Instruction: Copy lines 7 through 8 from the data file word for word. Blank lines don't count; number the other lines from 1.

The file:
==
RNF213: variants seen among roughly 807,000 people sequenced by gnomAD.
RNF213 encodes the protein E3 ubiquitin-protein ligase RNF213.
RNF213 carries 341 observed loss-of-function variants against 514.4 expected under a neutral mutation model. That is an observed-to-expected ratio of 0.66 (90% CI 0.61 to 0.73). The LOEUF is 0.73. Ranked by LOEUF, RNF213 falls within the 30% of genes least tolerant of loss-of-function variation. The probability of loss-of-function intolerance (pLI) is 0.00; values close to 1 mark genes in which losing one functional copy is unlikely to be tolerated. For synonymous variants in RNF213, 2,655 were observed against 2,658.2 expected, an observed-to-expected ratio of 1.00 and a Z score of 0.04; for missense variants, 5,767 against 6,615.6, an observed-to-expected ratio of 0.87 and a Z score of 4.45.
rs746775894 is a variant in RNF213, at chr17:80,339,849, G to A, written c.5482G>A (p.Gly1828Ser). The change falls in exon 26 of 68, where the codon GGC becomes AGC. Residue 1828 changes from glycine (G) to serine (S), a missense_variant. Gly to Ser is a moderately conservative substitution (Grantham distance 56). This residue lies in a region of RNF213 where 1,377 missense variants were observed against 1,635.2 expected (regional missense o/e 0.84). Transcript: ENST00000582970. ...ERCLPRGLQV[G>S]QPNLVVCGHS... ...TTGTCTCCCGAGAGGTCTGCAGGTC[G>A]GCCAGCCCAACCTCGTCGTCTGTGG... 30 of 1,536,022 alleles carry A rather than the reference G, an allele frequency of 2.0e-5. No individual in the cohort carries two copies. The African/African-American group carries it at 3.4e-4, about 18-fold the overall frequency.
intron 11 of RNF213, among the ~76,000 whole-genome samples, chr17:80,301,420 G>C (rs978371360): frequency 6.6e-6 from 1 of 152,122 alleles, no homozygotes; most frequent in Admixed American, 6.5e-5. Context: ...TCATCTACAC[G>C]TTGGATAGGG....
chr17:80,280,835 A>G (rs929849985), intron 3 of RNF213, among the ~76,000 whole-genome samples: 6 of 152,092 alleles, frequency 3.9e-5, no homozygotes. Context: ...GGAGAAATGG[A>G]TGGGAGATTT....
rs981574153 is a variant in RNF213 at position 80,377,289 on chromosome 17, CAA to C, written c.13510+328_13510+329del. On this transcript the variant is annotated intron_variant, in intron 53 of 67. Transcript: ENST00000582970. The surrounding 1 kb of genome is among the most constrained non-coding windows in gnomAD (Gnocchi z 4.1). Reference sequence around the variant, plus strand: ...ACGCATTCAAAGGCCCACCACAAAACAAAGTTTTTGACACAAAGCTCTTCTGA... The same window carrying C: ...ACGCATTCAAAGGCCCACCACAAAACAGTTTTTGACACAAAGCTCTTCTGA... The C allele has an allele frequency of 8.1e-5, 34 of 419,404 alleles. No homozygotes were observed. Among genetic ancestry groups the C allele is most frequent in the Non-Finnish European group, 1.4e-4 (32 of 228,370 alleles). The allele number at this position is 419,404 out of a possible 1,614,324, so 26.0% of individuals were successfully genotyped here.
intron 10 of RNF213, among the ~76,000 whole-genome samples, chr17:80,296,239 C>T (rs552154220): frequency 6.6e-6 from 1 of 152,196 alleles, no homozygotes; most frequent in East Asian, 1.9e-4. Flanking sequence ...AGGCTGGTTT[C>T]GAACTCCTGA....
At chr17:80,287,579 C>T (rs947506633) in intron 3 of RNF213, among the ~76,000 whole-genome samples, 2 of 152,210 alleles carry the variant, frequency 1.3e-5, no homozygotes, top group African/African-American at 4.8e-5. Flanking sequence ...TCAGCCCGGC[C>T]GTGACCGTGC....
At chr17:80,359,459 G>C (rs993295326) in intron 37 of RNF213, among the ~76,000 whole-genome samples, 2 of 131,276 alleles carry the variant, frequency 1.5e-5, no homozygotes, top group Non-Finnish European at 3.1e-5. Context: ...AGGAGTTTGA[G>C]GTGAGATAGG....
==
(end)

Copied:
rs981574153 is a variant in RNF213 at position 80,377,289 on chromosome 17, CAA to C, written c.13510+328_13510+329del. On this transcript the variant is annotated intron_variant, in intron 53 of 67. Transcript: ENST00000582970. The surrounding 1 kb of genome is among the most constrained non-coding windows in gnomAD (Gnocchi z 4.1). Reference sequence around the variant, plus strand: ...ACGCATTCAAAGGCCCACCACAAAACAAAGTTTTTGACACAAAGCTCTTCTGA... The same window carrying C: ...ACGCATTCAAAGGCCCACCACAAAACAGTTTTTGACACAAAGCTCTTCTGA... The C allele has an allele frequency of 8.1e-5, 34 of 419,404 alleles. No homozygotes were observed. Among genetic ancestry groups the C allele is most frequent in the Non-Finnish European group, 1.4e-4 (32 of 228,370 alleles). The allele number at this position is 419,404 out of a possible 1,614,324, so 26.0% of individuals were successfully genotyped here.
intron 10 of RNF213, among the ~76,000 whole-genome samples, chr17:80,296,239 C>T (rs552154220): frequency 6.6e-6 from 1 of 152,196 alleles, no homozygotes; most frequent in East Asian, 1.9e-4. Flanking sequence ...AGGCTGGTTT[C>T]GAACTCCTGA....